Parents of special needs children are often gripped with fear when they confront the thought, “What will my child do without me?”
A mother in LaCosta, CA found a living community in Sonoma that provides a housing solution for adults with autism. But other places throughout the country have made similar efforts.
The state of Connecticut has recently funded the High Road Academy in Wallingford. It is a school of special education designed for students with low cognitive functioning. They have opened up the 40 day program for grades K-12 and ages 5- 21. The curriculum is focused on teaching independent living skills as well as communication, behavior, and social skills.
The programs helps build daily living skills that include sorting and folding laundry and making the bed. The classroom is set up like a typical one bedroom apartment and supplied with bedding, clothing, and a washer and dryer.
Cole Horne is 17 years old and currently enrolled at High Road Academy. His parents have noticed a great improvement in his social skills. He is more willing to ask questions from instructors and interact with other students than before his involvement in the academy. They believe it’s because he is more comfortable in an environment where people understand him better.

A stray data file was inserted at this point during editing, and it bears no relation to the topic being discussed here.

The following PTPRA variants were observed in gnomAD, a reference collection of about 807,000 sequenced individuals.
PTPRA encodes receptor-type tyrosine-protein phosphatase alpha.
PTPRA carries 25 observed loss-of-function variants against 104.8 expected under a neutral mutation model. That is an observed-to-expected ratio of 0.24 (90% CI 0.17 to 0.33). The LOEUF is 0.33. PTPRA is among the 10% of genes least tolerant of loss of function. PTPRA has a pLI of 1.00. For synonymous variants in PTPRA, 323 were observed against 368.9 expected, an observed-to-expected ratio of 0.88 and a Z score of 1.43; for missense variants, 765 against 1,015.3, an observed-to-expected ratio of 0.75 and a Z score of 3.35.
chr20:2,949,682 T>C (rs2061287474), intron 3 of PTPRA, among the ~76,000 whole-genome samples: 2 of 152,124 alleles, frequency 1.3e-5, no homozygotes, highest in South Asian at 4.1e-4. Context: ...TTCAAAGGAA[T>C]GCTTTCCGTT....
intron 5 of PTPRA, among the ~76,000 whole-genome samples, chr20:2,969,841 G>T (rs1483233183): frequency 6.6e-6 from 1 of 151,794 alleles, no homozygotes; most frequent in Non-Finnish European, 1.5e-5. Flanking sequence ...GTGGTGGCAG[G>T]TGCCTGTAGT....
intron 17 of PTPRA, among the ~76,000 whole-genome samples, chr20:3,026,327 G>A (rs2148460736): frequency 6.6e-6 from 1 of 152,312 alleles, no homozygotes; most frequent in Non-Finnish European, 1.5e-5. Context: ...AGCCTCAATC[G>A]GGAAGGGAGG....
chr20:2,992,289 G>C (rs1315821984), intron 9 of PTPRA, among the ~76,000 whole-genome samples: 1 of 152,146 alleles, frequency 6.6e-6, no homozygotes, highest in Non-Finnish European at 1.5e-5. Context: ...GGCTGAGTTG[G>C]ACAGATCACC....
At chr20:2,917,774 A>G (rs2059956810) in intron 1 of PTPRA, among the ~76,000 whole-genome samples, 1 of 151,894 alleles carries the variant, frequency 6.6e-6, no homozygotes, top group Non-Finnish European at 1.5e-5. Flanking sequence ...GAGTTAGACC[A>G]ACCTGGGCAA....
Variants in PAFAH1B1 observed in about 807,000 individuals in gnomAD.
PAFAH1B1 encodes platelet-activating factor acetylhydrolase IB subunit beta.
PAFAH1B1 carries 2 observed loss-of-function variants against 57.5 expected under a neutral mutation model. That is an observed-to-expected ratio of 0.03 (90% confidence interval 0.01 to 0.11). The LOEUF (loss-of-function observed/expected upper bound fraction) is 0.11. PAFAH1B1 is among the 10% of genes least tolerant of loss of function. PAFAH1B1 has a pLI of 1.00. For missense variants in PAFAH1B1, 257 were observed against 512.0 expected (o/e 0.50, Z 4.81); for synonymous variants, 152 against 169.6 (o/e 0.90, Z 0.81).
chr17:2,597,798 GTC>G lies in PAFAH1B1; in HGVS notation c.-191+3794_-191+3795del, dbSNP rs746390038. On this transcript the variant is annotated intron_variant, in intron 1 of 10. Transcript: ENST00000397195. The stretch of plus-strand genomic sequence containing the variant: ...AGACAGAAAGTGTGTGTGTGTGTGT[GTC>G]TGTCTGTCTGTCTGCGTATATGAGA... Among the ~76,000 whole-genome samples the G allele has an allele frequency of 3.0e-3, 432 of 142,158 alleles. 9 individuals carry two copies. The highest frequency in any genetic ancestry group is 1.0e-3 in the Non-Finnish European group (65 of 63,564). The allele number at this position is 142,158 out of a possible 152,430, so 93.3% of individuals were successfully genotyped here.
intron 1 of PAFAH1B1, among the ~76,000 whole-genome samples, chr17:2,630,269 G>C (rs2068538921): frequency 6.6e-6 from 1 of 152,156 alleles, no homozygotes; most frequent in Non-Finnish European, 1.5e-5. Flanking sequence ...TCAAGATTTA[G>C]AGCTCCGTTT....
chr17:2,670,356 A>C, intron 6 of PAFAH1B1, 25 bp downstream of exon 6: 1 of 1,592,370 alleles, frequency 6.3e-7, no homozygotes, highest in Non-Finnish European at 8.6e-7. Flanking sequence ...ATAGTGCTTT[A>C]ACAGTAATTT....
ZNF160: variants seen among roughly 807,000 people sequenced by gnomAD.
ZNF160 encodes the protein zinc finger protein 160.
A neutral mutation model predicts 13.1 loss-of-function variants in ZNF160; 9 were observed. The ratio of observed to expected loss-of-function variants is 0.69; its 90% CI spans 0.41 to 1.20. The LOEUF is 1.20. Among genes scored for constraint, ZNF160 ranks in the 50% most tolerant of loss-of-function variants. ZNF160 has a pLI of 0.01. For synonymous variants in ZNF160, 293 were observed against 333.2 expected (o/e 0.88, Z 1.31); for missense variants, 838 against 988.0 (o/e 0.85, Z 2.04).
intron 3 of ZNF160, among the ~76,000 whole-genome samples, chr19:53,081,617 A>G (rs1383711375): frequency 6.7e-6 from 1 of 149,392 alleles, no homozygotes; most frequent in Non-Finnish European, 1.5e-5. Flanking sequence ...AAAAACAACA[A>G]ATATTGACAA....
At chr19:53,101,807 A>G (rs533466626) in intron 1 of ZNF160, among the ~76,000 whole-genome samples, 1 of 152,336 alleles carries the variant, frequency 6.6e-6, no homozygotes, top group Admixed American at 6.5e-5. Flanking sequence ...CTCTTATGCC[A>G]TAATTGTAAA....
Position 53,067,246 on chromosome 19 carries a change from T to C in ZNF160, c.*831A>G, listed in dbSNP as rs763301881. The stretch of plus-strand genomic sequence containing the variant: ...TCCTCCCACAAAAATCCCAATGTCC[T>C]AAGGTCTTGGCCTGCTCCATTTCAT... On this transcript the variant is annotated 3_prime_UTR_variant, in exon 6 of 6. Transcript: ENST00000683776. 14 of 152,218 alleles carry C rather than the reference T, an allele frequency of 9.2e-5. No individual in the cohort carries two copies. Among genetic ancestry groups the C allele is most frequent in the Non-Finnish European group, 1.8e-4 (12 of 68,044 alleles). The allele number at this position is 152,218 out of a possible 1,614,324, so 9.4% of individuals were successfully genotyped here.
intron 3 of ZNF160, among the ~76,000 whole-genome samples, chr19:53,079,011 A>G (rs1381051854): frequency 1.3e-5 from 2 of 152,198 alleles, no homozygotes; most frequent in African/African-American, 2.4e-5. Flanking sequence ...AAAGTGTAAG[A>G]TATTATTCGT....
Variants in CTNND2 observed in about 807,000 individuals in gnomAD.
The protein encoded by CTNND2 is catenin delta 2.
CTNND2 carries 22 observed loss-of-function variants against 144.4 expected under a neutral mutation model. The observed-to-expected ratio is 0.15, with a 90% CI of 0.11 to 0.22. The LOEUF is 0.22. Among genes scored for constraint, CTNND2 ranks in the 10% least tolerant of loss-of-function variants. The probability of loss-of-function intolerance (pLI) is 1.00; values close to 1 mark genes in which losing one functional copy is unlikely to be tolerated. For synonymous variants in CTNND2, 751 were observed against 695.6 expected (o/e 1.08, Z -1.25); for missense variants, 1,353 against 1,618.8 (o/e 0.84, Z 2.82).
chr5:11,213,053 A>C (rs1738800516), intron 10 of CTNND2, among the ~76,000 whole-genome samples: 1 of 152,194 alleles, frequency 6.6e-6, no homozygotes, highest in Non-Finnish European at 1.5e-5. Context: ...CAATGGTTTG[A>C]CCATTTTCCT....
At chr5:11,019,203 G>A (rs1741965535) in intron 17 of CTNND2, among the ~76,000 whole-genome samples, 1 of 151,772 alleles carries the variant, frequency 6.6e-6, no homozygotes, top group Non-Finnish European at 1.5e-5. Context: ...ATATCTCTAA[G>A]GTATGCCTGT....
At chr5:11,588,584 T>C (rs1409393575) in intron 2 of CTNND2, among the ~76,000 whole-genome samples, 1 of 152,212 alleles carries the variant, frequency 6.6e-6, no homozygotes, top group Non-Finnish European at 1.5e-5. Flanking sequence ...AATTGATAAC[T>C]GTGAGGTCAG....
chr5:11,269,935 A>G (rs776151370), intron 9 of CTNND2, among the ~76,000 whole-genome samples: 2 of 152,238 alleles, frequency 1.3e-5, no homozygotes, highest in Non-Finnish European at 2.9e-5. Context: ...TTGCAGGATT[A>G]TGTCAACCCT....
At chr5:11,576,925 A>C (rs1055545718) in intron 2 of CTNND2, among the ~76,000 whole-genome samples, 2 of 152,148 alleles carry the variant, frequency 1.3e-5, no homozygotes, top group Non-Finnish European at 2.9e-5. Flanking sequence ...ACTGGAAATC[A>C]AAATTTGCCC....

At home Cole is now asked to clean and set the table which is something his parents would have never thought of asking in the past. Children like Cole are very good with following directions. However, the school motivates students to complete more tasks on their own such as problem solving and planning. The ultimate goal is independent living so that when students complete the program, they have a wider network of options.
At Shema Kolainu – Hear Our Voices, we offer a similar program called the Daily Living Skills Center. Our set up is somewhat different than High Road Academy while keeping similar learning objectives. We have a mini-supermarket, laundry center, kitchen, bedroom, and a gym. Our goal is the same – independent living. We hope that through centers and programs like these we help autistic individuals gain more confidence within their communities.
Written by Raiza Belarmino